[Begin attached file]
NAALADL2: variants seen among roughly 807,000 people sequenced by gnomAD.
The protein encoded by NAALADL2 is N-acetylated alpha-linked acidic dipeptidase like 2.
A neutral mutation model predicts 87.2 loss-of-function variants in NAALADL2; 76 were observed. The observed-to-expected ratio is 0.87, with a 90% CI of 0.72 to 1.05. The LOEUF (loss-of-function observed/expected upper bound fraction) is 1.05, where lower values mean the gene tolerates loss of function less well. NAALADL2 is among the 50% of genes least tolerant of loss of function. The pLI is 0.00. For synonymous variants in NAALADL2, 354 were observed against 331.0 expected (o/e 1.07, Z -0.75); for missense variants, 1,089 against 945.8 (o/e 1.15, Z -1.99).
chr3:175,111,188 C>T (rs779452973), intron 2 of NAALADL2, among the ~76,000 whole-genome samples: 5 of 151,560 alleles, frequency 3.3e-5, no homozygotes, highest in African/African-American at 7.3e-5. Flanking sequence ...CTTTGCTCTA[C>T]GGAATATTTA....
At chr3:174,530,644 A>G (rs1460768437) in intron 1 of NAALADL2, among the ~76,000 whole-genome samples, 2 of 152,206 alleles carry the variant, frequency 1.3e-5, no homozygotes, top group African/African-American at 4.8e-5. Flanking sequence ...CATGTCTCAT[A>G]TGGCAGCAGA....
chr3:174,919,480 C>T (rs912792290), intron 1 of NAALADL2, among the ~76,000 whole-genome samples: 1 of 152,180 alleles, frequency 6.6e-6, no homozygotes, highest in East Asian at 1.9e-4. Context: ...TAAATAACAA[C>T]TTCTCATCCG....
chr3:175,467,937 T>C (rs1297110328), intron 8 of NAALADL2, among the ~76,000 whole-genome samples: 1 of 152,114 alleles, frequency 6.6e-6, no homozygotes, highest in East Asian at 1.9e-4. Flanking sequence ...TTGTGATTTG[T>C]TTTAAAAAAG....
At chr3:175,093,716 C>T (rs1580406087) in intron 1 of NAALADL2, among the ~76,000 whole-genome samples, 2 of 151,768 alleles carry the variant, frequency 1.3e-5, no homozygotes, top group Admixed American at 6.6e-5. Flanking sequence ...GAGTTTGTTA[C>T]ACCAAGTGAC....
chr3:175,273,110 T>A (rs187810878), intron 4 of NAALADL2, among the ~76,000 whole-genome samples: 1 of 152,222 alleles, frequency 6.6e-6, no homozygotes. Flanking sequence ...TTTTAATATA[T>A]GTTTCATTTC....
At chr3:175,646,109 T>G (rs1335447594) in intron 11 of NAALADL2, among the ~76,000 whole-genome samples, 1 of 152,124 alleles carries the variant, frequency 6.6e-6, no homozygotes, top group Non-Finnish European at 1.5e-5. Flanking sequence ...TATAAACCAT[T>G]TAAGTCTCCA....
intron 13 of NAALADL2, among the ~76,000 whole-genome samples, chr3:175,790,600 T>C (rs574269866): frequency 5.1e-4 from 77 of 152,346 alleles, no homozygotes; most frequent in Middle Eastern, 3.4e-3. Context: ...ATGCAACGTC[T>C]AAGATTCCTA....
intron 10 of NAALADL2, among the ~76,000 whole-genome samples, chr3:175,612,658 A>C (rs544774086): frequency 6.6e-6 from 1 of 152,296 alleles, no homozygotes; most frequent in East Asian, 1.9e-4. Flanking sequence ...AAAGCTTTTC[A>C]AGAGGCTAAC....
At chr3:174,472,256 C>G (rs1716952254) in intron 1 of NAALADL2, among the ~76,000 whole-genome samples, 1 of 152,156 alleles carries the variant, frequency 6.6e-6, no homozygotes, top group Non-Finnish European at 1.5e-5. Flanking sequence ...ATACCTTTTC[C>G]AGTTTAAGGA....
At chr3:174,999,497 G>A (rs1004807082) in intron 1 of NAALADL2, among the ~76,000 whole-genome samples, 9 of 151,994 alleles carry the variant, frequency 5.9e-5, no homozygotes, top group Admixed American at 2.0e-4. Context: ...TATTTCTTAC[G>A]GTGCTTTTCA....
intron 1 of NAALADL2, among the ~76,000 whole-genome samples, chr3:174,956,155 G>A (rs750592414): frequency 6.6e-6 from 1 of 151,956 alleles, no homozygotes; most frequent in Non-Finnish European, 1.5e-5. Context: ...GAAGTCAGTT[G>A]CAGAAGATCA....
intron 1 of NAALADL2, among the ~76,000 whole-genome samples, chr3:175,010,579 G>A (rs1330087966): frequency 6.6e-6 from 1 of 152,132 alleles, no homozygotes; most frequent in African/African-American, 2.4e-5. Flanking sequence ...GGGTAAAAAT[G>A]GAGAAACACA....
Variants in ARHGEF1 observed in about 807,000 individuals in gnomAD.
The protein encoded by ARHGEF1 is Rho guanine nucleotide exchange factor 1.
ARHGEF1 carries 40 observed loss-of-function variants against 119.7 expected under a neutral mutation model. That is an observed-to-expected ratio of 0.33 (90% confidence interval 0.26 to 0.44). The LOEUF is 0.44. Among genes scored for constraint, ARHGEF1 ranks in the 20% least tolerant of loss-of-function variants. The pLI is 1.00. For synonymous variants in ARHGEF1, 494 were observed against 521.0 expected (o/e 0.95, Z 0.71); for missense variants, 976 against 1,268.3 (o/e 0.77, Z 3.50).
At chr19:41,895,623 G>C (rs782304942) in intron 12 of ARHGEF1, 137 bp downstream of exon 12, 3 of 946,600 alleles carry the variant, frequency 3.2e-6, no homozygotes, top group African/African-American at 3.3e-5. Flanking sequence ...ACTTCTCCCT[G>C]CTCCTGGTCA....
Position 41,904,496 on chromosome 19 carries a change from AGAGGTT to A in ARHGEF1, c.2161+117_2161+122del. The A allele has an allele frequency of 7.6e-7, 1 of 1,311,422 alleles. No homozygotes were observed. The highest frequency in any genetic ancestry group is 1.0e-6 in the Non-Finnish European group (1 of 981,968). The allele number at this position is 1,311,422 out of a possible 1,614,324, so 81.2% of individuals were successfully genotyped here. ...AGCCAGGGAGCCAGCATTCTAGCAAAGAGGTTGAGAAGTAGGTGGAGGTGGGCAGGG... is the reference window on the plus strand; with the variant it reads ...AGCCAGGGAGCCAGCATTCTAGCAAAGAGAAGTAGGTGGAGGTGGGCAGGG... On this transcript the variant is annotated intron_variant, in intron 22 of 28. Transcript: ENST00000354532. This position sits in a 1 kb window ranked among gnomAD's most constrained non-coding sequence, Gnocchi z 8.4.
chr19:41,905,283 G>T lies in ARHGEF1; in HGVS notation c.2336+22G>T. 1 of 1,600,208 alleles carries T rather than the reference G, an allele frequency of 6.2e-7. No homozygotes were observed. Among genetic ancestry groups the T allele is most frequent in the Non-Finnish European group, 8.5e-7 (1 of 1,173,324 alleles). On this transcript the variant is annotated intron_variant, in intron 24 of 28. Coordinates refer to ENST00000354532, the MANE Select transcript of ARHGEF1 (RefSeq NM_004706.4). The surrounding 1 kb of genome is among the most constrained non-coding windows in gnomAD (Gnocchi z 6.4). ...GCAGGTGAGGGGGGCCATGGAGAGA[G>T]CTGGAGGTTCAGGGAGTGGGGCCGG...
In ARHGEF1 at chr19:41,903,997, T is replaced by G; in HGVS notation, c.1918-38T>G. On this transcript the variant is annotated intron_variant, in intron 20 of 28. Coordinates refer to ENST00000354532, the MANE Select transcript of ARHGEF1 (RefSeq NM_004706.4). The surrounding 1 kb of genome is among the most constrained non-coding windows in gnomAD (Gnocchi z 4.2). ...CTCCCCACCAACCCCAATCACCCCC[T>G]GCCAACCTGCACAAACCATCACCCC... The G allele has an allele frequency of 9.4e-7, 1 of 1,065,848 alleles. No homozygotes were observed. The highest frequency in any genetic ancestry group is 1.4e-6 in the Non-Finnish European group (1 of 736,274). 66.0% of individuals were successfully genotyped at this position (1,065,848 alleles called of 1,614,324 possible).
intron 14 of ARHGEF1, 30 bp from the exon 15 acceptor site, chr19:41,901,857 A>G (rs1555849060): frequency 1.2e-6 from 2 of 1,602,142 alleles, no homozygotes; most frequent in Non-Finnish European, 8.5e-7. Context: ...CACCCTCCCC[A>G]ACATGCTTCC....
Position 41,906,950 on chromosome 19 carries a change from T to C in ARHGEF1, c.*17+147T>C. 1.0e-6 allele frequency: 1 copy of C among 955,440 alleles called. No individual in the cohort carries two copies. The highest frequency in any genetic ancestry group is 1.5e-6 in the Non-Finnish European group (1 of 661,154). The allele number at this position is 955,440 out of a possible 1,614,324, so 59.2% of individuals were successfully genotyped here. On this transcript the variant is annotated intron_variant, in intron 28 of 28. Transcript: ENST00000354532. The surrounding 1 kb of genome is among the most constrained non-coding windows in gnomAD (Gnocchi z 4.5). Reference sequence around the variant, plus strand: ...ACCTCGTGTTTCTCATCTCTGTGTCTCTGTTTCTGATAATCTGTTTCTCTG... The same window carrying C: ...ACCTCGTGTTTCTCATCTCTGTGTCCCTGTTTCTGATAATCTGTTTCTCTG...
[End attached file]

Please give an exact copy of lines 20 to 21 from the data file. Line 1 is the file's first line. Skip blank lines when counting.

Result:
At chr19:41,895,623 G>C (rs782304942) in intron 12 of ARHGEF1, 137 bp downstream of exon 12, 3 of 946,600 alleles carry the variant, frequency 3.2e-6, no homozygotes, top group African/African-American at 3.3e-5. Flanking sequence ...ACTTCTCCCT[G>C]CTCCTGGTCA....
Position 41,904,496 on chromosome 19 carries a change from AGAGGTT to A in ARHGEF1, c.2161+117_2161+122del. The A allele has an allele frequency of 7.6e-7, 1 of 1,311,422 alleles. No homozygotes were observed. The highest frequency in any genetic ancestry group is 1.0e-6 in the Non-Finnish European group (1 of 981,968). The allele number at this position is 1,311,422 out of a possible 1,614,324, so 81.2% of individuals were successfully genotyped here. ...AGCCAGGGAGCCAGCATTCTAGCAAAGAGGTTGAGAAGTAGGTGGAGGTGGGCAGGG... is the reference window on the plus strand; with the variant it reads ...AGCCAGGGAGCCAGCATTCTAGCAAAGAGAAGTAGGTGGAGGTGGGCAGGG... On this transcript the variant is annotated intron_variant, in intron 22 of 28. Transcript: ENST00000354532. This position sits in a 1 kb window ranked among gnomAD's most constrained non-coding sequence, Gnocchi z 8.4.